$\eta(T)=\eta_{a}+\frac{\eta_{a+1}-\eta_{a}}{T_{a+1}-T_{a}}\left(T-T_{a}\right)$(8)

Where 1 ≤ a ≤ L and L is the number of segments while $\eta$ is the fluid property.

The temperature distribution within the geometry used in this study was determined by solving the conservation of mass, momentum and energy Equations (9)-(12) numerically. The governing equations solved after applying the above assumptions are,

$\nabla \cdot \vec{v}=0$(9)

$\rho(\vec{v} \cdot \nabla \vec{v})=-\nabla P+\mu \nabla^{2} \vec{v}$(10)

$\rho_{f} C_{p f}(\vec{v} \cdot \nabla T)=k_{f} \nabla^{2} T$(11)

The energy equation for the solid regions can be written as:

$k_{s} \nabla^{2} T=0$(12)

The heat flux between the interface of the fluid and the solid walls is coupled and its continuity between the interface of the solid and the liquid is given as:

$\left.k_{s} \frac{\partial T}{\partial n}\right|_{w a l l}=\left.k_{f} \frac{\partial T}{\partial n}\right|_{w a l l}$(13)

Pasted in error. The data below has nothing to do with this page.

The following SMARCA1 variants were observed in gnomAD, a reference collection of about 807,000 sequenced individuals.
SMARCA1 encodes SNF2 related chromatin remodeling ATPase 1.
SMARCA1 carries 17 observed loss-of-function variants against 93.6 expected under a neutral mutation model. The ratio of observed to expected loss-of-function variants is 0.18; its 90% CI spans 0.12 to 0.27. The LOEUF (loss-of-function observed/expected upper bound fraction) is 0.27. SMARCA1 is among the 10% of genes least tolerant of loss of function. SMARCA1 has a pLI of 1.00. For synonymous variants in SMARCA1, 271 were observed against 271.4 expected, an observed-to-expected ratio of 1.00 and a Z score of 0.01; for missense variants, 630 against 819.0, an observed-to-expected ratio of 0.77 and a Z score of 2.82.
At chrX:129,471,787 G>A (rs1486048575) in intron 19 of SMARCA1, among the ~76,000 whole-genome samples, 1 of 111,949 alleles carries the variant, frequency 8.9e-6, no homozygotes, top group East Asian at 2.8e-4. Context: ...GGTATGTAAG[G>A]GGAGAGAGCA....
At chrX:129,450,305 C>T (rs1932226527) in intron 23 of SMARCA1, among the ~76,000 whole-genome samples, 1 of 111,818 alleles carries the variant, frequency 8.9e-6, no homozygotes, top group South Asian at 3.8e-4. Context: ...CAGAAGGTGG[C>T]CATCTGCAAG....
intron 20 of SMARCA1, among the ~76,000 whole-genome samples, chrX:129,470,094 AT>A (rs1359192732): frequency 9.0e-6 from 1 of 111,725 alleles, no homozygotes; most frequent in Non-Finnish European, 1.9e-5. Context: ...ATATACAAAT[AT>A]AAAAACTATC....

The inlet boundary conditions p = P_{in , }v = w =0, T = T_{in }where $P_{m}=\frac{B e \alpha \mu}{V^{\frac{2}{3}}}+P_{o u t}$. *Be* known as Bejan number [14, 15] is the dimensionless pressure difference and $\alpha=\frac{k}{\rho C_{p}}$. At the outlet, the boundary condition is specified as, P_{out} = P_{atm}. Symmetry boundary conditions are specified at the left and right side of the domain. A no-slip boundary condition is specified at the walls. The measure of performance is the global thermal resistance which is expressed as

$R_{t h}=\frac{\Delta T}{Q}$(14)

where the peak wall temperature difference ΔT is

$\Delta T=T_{\max }-T_{\min }$(15)

3. Numerical and Optimisation Procedure

The Navier-Stokes mass conservation and energy Equations (9-12) along with the specified boundary conditions were solved numerically using a three-dimensional computational fluid dynamic code [13], which employs a finite volume method. The detail of this method is explained by Patankar [16]. The computational domain was meshed using hexagonal/wedge, tetrahedron and pyramid elements. The momentum and energy equations were solved using the second-order upwind scheme and the coupling of the pressure and velocity fields were controlled using the SIMPLE algorithm. The solution is assumed to converge when the normalised residuals of the continuity and momentum equation fall below 10^{-5} while that of the energy equation falls below 10^{-7}. The convergence criterion for the peak temperature as the quantity monitored is,